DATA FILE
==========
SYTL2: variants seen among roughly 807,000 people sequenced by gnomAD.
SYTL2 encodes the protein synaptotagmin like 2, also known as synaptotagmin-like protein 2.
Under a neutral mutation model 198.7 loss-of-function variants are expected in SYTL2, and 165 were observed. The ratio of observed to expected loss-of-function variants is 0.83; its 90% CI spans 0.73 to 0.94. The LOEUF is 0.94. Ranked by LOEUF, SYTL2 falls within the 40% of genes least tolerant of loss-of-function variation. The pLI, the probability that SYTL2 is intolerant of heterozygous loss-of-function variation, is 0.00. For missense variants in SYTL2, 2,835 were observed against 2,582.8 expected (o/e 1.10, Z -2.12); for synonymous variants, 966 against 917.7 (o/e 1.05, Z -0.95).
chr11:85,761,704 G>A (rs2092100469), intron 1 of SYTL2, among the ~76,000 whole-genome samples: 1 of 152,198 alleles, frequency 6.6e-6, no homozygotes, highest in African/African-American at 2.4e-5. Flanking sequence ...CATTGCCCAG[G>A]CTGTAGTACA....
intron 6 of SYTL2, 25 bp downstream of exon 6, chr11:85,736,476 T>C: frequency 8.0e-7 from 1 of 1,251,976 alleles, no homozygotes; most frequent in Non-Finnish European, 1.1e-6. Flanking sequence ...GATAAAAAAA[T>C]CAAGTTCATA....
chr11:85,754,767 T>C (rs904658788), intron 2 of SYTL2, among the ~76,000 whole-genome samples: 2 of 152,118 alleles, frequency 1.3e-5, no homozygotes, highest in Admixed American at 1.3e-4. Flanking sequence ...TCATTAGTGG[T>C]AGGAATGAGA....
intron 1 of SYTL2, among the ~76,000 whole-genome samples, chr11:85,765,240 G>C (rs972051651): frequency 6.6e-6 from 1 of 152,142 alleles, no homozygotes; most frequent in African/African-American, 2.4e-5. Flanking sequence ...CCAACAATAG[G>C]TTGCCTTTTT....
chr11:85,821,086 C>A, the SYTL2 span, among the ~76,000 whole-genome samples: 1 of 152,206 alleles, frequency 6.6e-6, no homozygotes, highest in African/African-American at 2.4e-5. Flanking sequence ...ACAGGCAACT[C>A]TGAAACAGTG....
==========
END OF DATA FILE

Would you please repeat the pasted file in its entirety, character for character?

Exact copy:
SYTL2: variants seen among roughly 807,000 people sequenced by gnomAD.
SYTL2 encodes the protein synaptotagmin like 2, also known as synaptotagmin-like protein 2.
Under a neutral mutation model 198.7 loss-of-function variants are expected in SYTL2, and 165 were observed. The ratio of observed to expected loss-of-function variants is 0.83; its 90% CI spans 0.73 to 0.94. The LOEUF is 0.94. Ranked by LOEUF, SYTL2 falls within the 40% of genes least tolerant of loss-of-function variation. The pLI, the probability that SYTL2 is intolerant of heterozygous loss-of-function variation, is 0.00. For missense variants in SYTL2, 2,835 were observed against 2,582.8 expected (o/e 1.10, Z -2.12); for synonymous variants, 966 against 917.7 (o/e 1.05, Z -0.95).
chr11:85,761,704 G>A (rs2092100469), intron 1 of SYTL2, among the ~76,000 whole-genome samples: 1 of 152,198 alleles, frequency 6.6e-6, no homozygotes, highest in African/African-American at 2.4e-5. Flanking sequence ...CATTGCCCAG[G>A]CTGTAGTACA....
intron 6 of SYTL2, 25 bp downstream of exon 6, chr11:85,736,476 T>C: frequency 8.0e-7 from 1 of 1,251,976 alleles, no homozygotes; most frequent in Non-Finnish European, 1.1e-6. Flanking sequence ...GATAAAAAAA[T>C]CAAGTTCATA....
chr11:85,754,767 T>C (rs904658788), intron 2 of SYTL2, among the ~76,000 whole-genome samples: 2 of 152,118 alleles, frequency 1.3e-5, no homozygotes, highest in Admixed American at 1.3e-4. Flanking sequence ...TCATTAGTGG[T>C]AGGAATGAGA....
intron 1 of SYTL2, among the ~76,000 whole-genome samples, chr11:85,765,240 G>C (rs972051651): frequency 6.6e-6 from 1 of 152,142 alleles, no homozygotes; most frequent in African/African-American, 2.4e-5. Flanking sequence ...CCAACAATAG[G>C]TTGCCTTTTT....
chr11:85,821,086 C>A, the SYTL2 span, among the ~76,000 whole-genome samples: 1 of 152,206 alleles, frequency 6.6e-6, no homozygotes, highest in African/African-American at 2.4e-5. Flanking sequence ...ACAGGCAACT[C>A]TGAAACAGTG....